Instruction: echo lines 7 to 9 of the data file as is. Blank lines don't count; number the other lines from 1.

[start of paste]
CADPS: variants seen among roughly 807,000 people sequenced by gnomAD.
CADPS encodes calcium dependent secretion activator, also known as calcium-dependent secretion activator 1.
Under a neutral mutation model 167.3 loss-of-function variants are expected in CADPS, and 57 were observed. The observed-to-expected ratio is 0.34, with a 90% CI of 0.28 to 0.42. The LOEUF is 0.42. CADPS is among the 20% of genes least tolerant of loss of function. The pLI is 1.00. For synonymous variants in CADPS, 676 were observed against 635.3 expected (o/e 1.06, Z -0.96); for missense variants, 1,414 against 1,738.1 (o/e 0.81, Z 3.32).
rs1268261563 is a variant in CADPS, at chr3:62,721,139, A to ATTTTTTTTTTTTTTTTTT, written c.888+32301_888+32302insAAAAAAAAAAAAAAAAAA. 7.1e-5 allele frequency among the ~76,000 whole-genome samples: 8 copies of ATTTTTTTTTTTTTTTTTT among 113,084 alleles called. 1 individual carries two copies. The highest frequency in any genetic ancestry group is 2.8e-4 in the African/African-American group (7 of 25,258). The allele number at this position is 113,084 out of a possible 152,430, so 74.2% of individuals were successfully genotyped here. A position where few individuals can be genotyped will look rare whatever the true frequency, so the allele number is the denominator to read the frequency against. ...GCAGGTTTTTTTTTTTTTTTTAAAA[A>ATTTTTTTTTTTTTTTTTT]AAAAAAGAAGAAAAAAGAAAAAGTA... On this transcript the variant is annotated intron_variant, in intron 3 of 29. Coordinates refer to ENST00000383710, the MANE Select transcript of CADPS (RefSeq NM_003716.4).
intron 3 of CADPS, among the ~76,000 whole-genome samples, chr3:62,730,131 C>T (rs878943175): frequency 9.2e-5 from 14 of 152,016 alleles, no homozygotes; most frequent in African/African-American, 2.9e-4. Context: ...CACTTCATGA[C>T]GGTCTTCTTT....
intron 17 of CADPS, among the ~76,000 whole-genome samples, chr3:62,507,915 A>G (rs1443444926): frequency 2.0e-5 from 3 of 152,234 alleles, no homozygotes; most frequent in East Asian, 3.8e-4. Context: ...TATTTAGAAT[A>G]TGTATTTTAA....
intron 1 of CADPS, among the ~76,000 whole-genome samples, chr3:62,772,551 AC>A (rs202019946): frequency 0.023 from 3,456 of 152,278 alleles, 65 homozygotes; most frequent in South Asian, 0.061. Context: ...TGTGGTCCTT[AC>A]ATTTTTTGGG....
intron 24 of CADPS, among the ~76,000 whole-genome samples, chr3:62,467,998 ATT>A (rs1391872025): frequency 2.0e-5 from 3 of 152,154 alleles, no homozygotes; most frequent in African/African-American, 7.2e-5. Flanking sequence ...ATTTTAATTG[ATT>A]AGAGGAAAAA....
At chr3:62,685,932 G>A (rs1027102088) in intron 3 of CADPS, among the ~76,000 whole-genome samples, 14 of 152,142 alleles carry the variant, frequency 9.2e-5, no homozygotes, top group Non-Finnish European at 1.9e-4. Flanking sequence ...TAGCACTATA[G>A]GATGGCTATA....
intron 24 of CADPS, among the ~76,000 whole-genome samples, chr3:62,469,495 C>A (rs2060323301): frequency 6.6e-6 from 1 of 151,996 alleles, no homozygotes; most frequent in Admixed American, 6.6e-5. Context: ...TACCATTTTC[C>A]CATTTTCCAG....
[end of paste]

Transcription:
intron 1 of CADPS, among the ~76,000 whole-genome samples, chr3:62,772,551 AC>A (rs202019946): frequency 0.023 from 3,456 of 152,278 alleles, 65 homozygotes; most frequent in South Asian, 0.061. Context: ...TGTGGTCCTT[AC>A]ATTTTTTGGG....
intron 24 of CADPS, among the ~76,000 whole-genome samples, chr3:62,467,998 ATT>A (rs1391872025): frequency 2.0e-5 from 3 of 152,154 alleles, no homozygotes; most frequent in African/African-American, 7.2e-5. Flanking sequence ...ATTTTAATTG[ATT>A]AGAGGAAAAA....
At chr3:62,685,932 G>A (rs1027102088) in intron 3 of CADPS, among the ~76,000 whole-genome samples, 14 of 152,142 alleles carry the variant, frequency 9.2e-5, no homozygotes, top group Non-Finnish European at 1.9e-4. Flanking sequence ...TAGCACTATA[G>A]GATGGCTATA....